Sonny Gray and Jaime Garcia Were Both Perfect Targets for the New York Yankees

The Yankees were aggressive buyers prior to the non-waiver trade deadline, and it was clear to see why they went after hurlers like Sonny Gray (pictured) and Jaime Garcia.

Around this time a year ago, we were talking about the New York Yankees in a way we hadn't been in a really long time -- as a rebuilding club. Here we are a year later, though, with them in the midst of a postseason race while making numerous trades to not only help them in 2017, but also beyond.

General manager Brian Cashman did plenty to help bolster his club for the stretch run, like fortifying the bullpen with David Robertson and Tommy Kahnle, while also bringing in Todd Frazier to supply some pop at third base. However, the most important moves they made happened in the last couple days to upgrade the starting rotation.

First, they ended the very memorable Jaime Garcia era with the Minnesota Twins by acquiring him on Sunday before they were finally able to reel in Sonny Gray from the Oakland Athletics.

Outside of on-field performance, it's not hard to see how these two fit into New York's plans. Garcia is slated for free agency this winter, but he's proven to be a dependable starter when healthy, and with regard to his salary, the Yankees are only on the hook for a pro-rated portion of the league minimum. As for Gray, he's not only affordable right now, but he's also under team control through the 2019 season.

From a logistical standpoint, this made a lot of sense. When digging into what both of these hurlers do well on the mound, it was a slam dunk.

Ground-Ball Machines

When it comes to producing runs, Yankee Stadium is one of the best in the business -- fourth-best this year, according to ESPN Park Factors. When it comes to producing home runs, no place is better to be than the Bronx, as they top the charts in this category entering action on Monday.

With that in mind, the Yankees went out and acquired two of this year's best available ground-ball pitchers in Garcia and Gray. If both of them qualified (only Garcia does), they'd be right next to one another on this particular leaderboard, and among the top 10.

To show the type of upgrade New York's starting staff is getting in the batted-ball department, here is how the line-drive rate (LD%), ground-ball rate (GB%), fly-ball rate (FB%), and hard-hit rate (Hard%) from Garcia and Gray compare to what the Yankees have done so far this year as a group.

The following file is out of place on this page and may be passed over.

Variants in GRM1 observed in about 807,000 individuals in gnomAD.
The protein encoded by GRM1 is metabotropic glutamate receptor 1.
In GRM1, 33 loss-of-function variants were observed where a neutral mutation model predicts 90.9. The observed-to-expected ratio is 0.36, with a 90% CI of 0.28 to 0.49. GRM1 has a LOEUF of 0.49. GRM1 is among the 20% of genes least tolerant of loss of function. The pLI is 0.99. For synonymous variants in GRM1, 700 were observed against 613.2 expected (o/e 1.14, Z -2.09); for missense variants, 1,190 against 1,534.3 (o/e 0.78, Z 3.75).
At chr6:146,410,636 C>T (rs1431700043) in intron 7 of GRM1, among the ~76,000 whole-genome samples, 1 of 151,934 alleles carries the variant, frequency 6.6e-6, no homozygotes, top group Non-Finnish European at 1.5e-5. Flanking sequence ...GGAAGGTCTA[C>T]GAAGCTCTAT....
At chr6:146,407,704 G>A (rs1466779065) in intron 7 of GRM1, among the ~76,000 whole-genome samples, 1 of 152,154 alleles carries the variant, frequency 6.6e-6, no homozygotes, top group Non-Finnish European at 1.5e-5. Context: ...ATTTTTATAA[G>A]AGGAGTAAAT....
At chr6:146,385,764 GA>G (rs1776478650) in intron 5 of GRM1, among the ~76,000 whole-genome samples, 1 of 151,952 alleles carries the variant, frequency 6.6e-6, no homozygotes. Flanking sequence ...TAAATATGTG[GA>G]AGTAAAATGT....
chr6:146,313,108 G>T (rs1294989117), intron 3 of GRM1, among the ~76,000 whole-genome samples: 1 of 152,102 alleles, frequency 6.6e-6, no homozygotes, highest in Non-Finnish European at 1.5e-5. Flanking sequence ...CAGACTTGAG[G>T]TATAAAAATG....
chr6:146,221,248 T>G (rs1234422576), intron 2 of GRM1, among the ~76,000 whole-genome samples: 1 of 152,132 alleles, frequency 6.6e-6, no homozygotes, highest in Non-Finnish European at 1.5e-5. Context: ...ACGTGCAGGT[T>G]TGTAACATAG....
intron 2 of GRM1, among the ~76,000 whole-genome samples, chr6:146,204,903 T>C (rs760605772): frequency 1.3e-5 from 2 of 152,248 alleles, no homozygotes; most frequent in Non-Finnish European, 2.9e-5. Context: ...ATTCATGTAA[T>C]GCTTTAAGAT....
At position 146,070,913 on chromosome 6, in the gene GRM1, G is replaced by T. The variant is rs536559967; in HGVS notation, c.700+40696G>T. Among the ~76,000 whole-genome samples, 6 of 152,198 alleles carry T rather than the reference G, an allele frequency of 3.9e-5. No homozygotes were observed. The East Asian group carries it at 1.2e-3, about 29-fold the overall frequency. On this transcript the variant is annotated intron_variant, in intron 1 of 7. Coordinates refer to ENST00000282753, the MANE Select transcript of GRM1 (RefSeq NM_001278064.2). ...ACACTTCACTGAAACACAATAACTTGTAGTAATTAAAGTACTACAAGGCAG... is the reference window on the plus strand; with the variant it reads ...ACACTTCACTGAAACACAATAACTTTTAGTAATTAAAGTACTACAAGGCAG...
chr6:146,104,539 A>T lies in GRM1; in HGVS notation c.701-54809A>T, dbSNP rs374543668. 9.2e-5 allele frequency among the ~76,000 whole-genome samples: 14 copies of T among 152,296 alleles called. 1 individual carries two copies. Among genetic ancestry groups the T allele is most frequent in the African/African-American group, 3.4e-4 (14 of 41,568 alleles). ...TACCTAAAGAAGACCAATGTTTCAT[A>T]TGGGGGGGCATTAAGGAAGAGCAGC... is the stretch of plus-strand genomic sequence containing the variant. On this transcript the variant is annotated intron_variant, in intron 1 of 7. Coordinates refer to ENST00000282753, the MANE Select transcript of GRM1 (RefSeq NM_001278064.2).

2017 LD% GB% FB% Hard%
New York Yankees 18.0% 48.2% 33.8% 29.7%
Jaime Gacia 18.1% 55.0% 26.9% 28.4%
Sonny Gray 20.7% 56.7% 22.6% 28.4%

Entering action on Monday, the league-average ground-ball rate from starters is 44.3%, meaning the Yankees just took something they were reasonably good at and just got that much better at it.

Being Effective Against Everyone

Another potential overlooked detail from this pair of moves is the fact that New York has acquired both a left-handed and right-handed pitcher. Why is that important? Well, let's revisit that whole "Yankee Stadium is a launching pad" narrative and continue driving it home.

If we use Baseball Prospectus' park factors (which can be sorted by a hitter's handedness), we get another glimpse as to how prone the ballpark in the Bronx is to homers. Not only does it currently own the highest home-run factor among right-handed hitters this season, but they're also second-highest among left-handed hitters.

Obviously, bringing in a couple ground-ball pitchers already helps in attempting to limit that issue, but it also helps that Garcia and Gray are just tough overall against opposing same-sided hitters.

Gray has been tough on everyone this year, but he's limited right-handed hitters to a .292 wOBA in 2017, while Garcia has allowed just a .277 wOBA to lefties so far this season.

In a park that doesn't discriminate in letting hitters go buck-wild at the dish, it's important to have some balance throughout a pitching staff, and the Yankees accomplished just that by bringing these two aboard.

Déjà Vu All Over Again

Cashman eventually made it very clear that they were sellers at last year's trade deadline, looking to maximize their return on top arms like Aroldis Chapman and Andrew Miller, which is exactly what he did. In 2017, the long-time general manager once again clearly declared that the Yankees were on one side of this discussion -- they were just buyers this time around.

It seems like he enjoys fully committing to an idea -- one way or the other -- depending on the circumstances. With a half-game lead in the AL East over the Boston Red Sox heading into action Monday night, he obviously feels as though his club is for real. He was able to use the deep farm system he's spent the last year or so building up to improve for both the next couple months, along with the next couple years.

That's how most front offices like to draw it up. It just doesn't always seem to work out as seamlessly as it has for Cashman each of the last two summers.